SS3.10 Ecological Implications of Terrestrial Inputs into Lakes and Ponds
Date: Tuesday, June 11, 2002
Time: 3:15:00 PM
Location: Esquimalt
 
Moreno-AmichR, University of Girona, Girona, Spain, ramon.moreno@udg.es
Brucet, S, , University of Girona, Girona, Spain, sandra.brucet@udg.es
Quintana, X, D, University of Girona, Girona, Spain, xavier.quintana@udg.es
 
CHANGES IN THE SHAPE OF AQUATIC INVERTEBRATES’ BIOMASS-SIZE SPECTRA AT ECOLOGICAL SCALING IN A FLUCTUANT ECOSYSTEM (EMPORDĄ WETLANDS, NE SPAIN)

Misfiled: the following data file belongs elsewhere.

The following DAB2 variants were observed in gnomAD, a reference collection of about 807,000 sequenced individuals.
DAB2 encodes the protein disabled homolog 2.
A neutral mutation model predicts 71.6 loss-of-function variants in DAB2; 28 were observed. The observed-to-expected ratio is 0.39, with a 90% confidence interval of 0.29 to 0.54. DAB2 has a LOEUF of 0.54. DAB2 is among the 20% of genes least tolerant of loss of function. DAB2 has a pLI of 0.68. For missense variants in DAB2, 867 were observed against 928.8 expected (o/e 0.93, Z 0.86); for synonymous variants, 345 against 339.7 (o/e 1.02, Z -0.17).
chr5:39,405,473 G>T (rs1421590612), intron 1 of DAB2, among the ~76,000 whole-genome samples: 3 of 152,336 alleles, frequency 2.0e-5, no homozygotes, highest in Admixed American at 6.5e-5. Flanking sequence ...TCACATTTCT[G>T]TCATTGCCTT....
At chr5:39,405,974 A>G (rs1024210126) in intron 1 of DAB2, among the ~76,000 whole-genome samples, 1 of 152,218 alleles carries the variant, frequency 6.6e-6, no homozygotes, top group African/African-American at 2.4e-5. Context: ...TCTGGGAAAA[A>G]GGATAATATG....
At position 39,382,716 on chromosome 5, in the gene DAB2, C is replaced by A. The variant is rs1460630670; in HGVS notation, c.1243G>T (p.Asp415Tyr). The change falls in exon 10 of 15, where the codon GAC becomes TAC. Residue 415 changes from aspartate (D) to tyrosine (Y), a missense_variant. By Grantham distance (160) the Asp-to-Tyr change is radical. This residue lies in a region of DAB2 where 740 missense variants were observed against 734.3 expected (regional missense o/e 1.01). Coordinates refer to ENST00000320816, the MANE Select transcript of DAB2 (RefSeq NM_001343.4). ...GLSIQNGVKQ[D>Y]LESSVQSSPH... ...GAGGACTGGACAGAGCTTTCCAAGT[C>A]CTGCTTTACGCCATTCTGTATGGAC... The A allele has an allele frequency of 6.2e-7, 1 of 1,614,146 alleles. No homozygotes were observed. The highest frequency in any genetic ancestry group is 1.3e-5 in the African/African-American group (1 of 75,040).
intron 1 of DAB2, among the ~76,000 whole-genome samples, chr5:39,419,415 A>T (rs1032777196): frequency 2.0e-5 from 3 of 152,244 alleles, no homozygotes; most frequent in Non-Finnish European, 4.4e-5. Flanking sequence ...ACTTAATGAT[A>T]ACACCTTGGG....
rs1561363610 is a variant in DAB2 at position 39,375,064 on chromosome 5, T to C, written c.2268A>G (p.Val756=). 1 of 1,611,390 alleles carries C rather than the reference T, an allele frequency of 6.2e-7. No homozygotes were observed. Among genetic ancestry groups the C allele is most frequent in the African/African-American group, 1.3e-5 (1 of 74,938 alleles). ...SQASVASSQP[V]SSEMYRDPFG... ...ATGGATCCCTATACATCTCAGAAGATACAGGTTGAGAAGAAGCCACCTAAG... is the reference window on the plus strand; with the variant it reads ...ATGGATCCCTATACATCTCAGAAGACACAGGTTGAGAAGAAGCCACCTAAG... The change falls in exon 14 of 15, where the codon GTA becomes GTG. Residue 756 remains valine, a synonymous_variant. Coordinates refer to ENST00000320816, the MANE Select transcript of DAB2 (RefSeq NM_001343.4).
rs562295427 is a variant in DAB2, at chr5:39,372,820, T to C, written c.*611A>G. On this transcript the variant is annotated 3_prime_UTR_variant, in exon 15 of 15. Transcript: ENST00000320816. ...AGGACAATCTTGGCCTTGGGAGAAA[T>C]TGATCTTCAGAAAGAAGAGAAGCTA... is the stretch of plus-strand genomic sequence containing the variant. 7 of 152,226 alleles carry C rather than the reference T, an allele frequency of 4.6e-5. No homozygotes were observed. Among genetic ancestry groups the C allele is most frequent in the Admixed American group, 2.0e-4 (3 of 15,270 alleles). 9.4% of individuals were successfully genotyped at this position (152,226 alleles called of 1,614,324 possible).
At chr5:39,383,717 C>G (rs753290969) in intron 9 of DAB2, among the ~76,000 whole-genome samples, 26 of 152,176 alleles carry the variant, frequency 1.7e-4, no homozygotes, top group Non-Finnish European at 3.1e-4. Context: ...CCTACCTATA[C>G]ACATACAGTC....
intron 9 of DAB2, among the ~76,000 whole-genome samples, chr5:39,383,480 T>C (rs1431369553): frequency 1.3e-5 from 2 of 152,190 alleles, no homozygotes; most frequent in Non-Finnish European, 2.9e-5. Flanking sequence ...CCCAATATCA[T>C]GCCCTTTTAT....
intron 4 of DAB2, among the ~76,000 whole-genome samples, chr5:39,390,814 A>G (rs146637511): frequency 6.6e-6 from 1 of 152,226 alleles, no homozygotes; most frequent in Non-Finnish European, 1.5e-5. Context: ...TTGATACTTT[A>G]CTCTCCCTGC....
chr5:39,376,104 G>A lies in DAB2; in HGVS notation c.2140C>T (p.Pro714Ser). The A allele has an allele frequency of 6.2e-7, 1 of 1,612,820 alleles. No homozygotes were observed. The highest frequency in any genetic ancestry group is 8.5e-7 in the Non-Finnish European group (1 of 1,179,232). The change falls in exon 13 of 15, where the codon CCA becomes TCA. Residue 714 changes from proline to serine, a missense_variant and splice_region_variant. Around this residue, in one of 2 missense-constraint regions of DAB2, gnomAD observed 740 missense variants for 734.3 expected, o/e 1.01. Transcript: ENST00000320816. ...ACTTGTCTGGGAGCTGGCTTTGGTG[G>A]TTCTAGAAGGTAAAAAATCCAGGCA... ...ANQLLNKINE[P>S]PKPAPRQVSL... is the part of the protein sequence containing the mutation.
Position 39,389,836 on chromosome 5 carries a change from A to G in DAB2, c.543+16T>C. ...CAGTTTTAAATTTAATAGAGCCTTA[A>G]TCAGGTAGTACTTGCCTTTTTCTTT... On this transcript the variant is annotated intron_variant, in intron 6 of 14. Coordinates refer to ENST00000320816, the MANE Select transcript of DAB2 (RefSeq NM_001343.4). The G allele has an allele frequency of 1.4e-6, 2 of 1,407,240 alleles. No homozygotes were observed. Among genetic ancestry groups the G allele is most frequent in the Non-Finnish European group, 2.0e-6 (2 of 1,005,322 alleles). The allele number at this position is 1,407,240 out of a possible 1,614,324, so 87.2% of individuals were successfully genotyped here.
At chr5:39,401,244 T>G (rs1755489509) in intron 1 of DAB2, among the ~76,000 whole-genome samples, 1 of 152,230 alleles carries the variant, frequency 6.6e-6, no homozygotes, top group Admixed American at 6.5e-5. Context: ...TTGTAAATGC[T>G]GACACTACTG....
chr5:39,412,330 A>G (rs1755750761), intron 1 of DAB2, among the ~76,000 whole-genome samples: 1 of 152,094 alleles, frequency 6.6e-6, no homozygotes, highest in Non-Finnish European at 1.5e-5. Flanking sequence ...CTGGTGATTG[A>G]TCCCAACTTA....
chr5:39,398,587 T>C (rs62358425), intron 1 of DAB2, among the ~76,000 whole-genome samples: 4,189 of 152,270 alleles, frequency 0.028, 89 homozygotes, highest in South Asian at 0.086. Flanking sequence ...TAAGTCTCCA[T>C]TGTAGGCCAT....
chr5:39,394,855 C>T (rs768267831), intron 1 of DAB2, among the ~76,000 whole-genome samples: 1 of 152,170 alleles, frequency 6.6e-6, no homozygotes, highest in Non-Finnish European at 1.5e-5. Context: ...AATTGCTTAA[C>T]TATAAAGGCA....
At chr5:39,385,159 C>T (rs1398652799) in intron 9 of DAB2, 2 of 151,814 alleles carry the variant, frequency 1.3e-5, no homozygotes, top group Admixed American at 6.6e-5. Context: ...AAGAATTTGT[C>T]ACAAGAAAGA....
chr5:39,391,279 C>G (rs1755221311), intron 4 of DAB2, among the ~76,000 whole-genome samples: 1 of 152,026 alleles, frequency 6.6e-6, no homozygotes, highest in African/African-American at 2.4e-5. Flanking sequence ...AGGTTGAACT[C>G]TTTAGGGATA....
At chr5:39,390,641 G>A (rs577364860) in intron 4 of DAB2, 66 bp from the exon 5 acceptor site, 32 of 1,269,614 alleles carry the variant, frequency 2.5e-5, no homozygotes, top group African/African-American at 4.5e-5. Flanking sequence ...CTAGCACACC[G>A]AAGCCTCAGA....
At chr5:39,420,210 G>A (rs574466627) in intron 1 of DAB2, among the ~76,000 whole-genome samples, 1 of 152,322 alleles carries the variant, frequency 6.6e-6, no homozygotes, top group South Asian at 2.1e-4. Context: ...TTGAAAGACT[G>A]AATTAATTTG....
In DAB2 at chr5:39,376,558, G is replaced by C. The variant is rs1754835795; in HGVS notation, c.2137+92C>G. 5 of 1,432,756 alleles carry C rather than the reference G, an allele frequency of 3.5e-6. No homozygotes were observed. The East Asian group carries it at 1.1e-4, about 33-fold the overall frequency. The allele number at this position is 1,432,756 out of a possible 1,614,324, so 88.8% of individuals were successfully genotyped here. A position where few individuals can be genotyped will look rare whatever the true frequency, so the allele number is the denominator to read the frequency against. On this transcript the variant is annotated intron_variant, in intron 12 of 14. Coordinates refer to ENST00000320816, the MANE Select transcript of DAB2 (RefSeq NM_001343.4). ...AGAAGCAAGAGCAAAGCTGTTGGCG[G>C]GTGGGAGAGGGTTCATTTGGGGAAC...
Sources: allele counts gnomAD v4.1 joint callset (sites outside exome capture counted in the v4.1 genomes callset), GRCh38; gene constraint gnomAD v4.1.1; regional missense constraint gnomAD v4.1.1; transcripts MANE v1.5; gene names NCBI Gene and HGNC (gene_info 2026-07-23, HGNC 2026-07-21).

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Organism abundance is inversely proportional to size, as show the biomass-size spectrum at the primary scaling (whole community). There is a secondary or ecological scaling identifiable at functional-group level (phytoplankton, zooplankton, fish) more closely linked to food requirements in relation to biomass density distributions and predator-prey size ratios. This ecological scaling is more obvious in lightly-structured and fluctuating systems, where the shape is variable from lineal to curved according to the ecological situation. The biomass spectrum, at ecological scaling, of free-living invertebrates in a fluctuating basin of Empordą wetlands was analyzed by adjustment to a model based on the Pareto distribution. Under flooding conditions biomass-size spectra fit a lineal model (Pareto Type I) better, whereas in confinement conditions fit better a no lineal one (Pareto type II). These results suggest that under flooding conditions, nutrient and OM inputs cause population growth, especially of small-sized organisms, resulting in a linear spectrum. During confinement conditions interactions between species would acquire more relevance due to the lack of resources, favouring the displacement of biomass toward larger sizes. The result is a curved spectrum and a decrease of diversity.